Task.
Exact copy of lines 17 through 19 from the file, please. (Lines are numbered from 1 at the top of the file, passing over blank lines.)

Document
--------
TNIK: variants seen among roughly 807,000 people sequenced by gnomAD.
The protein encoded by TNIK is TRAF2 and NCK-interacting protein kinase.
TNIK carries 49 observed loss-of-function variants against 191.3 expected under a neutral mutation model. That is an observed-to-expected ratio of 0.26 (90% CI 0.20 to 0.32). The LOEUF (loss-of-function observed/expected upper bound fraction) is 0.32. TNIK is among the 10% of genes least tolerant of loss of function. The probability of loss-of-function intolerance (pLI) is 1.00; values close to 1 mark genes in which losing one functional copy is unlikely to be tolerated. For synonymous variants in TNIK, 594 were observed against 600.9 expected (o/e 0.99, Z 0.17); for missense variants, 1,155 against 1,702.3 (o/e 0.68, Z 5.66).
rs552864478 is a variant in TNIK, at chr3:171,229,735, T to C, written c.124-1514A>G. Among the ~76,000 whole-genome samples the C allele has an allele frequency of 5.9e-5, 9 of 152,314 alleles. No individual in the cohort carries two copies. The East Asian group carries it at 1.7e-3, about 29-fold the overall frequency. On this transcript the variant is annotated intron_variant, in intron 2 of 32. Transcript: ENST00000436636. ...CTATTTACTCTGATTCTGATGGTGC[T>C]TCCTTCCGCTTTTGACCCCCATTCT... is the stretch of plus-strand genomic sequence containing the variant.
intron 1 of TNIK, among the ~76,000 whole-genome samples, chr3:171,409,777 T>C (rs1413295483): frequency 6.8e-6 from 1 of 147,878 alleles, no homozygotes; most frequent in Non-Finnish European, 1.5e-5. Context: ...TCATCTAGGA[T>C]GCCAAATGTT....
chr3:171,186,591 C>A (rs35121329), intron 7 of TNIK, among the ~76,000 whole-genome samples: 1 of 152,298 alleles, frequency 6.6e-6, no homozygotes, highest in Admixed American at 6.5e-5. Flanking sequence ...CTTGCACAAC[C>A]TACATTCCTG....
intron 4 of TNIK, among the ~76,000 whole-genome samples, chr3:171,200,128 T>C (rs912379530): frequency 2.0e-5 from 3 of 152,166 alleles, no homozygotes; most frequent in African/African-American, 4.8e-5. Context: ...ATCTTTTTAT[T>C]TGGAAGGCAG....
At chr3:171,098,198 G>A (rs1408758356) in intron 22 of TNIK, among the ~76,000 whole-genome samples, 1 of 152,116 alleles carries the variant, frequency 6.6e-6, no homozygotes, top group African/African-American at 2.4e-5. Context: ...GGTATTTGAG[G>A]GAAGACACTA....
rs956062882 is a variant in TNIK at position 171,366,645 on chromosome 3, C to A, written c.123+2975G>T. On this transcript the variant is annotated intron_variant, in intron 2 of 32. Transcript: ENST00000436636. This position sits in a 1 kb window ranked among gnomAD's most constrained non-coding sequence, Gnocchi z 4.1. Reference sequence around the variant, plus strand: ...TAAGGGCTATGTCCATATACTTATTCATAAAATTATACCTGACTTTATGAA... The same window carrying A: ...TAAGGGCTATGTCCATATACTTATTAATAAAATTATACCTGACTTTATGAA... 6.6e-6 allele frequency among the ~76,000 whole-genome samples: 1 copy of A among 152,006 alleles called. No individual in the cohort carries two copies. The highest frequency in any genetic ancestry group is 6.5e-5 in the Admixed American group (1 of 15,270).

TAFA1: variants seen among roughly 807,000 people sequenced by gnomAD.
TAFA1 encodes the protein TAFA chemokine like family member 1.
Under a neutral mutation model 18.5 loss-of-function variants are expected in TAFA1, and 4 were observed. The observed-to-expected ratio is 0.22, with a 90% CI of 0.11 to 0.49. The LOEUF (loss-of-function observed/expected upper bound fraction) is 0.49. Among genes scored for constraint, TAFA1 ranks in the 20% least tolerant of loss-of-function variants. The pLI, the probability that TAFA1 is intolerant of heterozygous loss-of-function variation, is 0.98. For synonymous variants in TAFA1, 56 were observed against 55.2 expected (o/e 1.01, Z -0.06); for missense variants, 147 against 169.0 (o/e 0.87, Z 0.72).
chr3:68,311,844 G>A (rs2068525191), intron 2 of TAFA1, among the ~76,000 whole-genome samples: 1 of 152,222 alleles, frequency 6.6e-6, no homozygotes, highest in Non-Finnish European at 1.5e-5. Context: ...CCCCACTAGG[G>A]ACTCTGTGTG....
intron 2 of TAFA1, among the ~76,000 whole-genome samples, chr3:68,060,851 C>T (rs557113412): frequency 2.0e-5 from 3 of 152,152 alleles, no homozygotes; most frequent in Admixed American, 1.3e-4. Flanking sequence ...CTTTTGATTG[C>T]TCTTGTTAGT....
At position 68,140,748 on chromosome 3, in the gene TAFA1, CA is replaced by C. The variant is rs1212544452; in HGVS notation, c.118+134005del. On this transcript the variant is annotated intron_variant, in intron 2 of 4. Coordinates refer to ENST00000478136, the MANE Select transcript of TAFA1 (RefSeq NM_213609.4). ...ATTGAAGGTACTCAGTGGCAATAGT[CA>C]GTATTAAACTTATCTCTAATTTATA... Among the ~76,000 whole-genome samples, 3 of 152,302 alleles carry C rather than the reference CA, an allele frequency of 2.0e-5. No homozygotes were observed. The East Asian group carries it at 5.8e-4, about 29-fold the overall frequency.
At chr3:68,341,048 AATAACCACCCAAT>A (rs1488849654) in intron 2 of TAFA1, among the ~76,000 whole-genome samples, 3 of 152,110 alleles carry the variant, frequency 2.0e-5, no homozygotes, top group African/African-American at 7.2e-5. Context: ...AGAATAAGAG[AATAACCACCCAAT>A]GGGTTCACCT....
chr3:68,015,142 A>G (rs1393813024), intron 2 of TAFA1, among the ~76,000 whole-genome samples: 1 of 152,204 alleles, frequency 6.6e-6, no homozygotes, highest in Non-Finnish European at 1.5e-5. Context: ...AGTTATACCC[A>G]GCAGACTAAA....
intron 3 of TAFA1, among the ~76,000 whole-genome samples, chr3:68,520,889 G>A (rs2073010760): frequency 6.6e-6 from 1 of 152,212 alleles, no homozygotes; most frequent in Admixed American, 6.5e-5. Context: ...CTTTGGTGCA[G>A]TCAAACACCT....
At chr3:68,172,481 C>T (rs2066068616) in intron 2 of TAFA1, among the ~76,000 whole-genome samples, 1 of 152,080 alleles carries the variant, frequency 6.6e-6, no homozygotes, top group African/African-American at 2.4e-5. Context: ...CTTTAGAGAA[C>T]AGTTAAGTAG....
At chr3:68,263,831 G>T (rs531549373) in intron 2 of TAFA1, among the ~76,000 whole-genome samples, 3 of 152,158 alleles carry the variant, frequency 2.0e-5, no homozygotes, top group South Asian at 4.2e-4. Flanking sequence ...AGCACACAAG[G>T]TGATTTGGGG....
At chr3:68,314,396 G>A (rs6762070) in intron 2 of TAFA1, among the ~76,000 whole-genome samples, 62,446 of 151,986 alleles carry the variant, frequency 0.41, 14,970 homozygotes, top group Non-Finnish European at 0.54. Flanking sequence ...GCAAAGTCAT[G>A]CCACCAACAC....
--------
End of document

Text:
chr3:68,015,142 A>G (rs1393813024), intron 2 of TAFA1, among the ~76,000 whole-genome samples: 1 of 152,204 alleles, frequency 6.6e-6, no homozygotes, highest in Non-Finnish European at 1.5e-5. Context: ...AGTTATACCC[A>G]GCAGACTAAA....
intron 3 of TAFA1, among the ~76,000 whole-genome samples, chr3:68,520,889 G>A (rs2073010760): frequency 6.6e-6 from 1 of 152,212 alleles, no homozygotes; most frequent in Admixed American, 6.5e-5. Context: ...CTTTGGTGCA[G>A]TCAAACACCT....
At chr3:68,172,481 C>T (rs2066068616) in intron 2 of TAFA1, among the ~76,000 whole-genome samples, 1 of 152,080 alleles carries the variant, frequency 6.6e-6, no homozygotes, top group African/African-American at 2.4e-5. Context: ...CTTTAGAGAA[C>T]AGTTAAGTAG....